My mother was born in 1933 in Aberdeen, Scotland. Two years before the start of the Second World War she and her mother relocated 600 miles south to Portsmouth, following her grandfather, James Robbie McDonald, who had moved to Portsmouth a few months earlier.
By moving south and into foreign English territory James Robbie McDonald set into motion a chain of events that resulted in his grand-daughter meeting my father some years later when Dad was based in Portsmouth while serving in the Royal Navy. I believe that God prompted James Robbie’s move south, and the set of circumstances that resulted in my parents meeting, falling in love, and remaining in love. There is of course photographic evidence showing that my father was a good catch, cutting quite a dashing figure in his naval uniform (almost as dashing as I was in mine!).
After completing his national service my father began to train for Baptist ministry. In those days student ministers were not allowed to marry. Consequently, my parents had to wait for Dad to complete his studies in 1956 before they could get married. I arrived on the scene just under eleven months later! Three sisters followed, spaced out over the next ten years. In time Dad left the ministry to work first for the Leprosy Mission, and then for a Christian broadcasting organisation. Four children left home, grandchildren arrived, and retirement beckoned.
Having signed up as pensioners my parents eventually moved to a bungalow in the small idyllic Devon village of Holcombe where my paternal grandparents used to live. It is a five-minute walk down Smugglers’ Lane to a path and steps that lead under the railway line to the beach. God has blessed Mum and Dad with a wonderful retirement but not all of it has been spent on the beach. Their involvement in church life has never diminished. Dad continued to preach in the local Methodist circuit until October 2019 when Mum’s health started to falter. Since then all of Dad’s energy has gone into caring for Mum.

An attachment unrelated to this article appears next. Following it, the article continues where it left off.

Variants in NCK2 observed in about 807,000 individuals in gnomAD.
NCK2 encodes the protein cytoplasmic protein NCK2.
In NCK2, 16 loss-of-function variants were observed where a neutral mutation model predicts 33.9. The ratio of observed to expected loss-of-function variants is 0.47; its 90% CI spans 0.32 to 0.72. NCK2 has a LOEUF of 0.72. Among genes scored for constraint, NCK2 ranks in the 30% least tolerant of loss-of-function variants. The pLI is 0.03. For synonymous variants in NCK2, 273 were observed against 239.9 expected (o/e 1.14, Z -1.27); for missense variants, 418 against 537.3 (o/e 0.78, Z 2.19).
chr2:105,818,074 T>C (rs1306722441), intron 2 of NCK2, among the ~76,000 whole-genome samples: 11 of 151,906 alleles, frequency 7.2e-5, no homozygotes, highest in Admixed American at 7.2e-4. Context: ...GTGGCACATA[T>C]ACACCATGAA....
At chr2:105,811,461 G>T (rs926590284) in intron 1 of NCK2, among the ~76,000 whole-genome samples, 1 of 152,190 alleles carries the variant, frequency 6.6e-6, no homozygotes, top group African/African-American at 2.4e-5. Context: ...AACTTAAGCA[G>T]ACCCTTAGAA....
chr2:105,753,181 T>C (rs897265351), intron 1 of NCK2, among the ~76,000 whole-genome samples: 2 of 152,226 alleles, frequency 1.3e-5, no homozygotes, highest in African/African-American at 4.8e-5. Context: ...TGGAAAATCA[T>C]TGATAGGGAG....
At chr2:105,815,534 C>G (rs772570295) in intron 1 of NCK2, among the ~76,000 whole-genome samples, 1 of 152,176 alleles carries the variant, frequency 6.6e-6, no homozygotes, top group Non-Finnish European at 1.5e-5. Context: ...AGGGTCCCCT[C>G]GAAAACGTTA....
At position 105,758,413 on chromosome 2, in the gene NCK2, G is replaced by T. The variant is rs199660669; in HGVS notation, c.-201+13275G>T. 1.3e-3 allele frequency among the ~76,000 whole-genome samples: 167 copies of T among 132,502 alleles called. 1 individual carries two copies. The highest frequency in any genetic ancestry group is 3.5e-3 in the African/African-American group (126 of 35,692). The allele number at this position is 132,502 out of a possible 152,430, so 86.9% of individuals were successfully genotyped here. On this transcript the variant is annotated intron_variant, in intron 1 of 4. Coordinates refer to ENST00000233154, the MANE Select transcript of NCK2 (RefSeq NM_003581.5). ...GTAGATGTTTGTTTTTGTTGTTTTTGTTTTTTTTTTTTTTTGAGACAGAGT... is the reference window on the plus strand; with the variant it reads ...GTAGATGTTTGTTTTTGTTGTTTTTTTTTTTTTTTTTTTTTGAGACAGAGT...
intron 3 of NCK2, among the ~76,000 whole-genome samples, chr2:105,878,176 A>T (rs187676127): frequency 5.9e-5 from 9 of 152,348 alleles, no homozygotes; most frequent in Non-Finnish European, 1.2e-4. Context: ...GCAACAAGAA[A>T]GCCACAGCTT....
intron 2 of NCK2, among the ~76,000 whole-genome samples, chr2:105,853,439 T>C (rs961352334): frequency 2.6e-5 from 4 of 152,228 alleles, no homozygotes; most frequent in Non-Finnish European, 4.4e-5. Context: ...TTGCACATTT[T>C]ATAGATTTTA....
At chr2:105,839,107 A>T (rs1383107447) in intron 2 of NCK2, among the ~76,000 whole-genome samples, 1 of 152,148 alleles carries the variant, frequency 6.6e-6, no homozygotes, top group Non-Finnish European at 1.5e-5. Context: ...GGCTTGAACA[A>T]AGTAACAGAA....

It was my privilege to be alongside my father in Torbay Hospital on the afternoon of Tuesday 3 March 2020 when Mum finally stopped breathing. Before Christmas Mum told me that she just wanted to be with Jesus. I replied that perhaps Jesus wasn’t ready for her yet. It took Jesus almost three months to prepare for Mum’s homecoming. I rejoice that she is with Him now, all earthly suffering over. A Thanksgiving Service will be held for Mum at Teignmouth Methodist Church on 18 March (Coronavirus permitting). It’s going to be tough for Dad. He’d appreciate your prayers. We’d all appreciate your prayers.
Mum left written instructions for her Thanksgiving Service. No mourning clothes; bright colours only! Mum asked for two readings, one of which is Ecclesiastes 3:1-11. Mum also requested the following quote from a John Donne sermon to be read at her service. In case you are wondering, John Donne was Dean of St Paul’s Cathedral in London from 1621 until he died in March1631. John Donne experienced many trials during his life but in a sermon preached in 1629 he said:
‘Our last day is our first day; our Saturday is our Sunday; our eve is our holy day; our sunsetting is our morning; the day of our death is the first day of our eternal life. The next day after that … comes that day I shall show me to myself. Here I never saw myself but in disguises; there then, I shall see myself, but I shall see God too … Here I have one faculty enlightened, and another left in darkness; mine understanding sometimes cleared, my will at the same time perverted. There I shall be all light, no shadow upon me; my soul invested in the light of joy, and my body in the light of glory.
Wow! It appears that John Donne knew Jesus almost as well as my Mum and like Mum could not imagine eternity without Him. Do you know Jesus?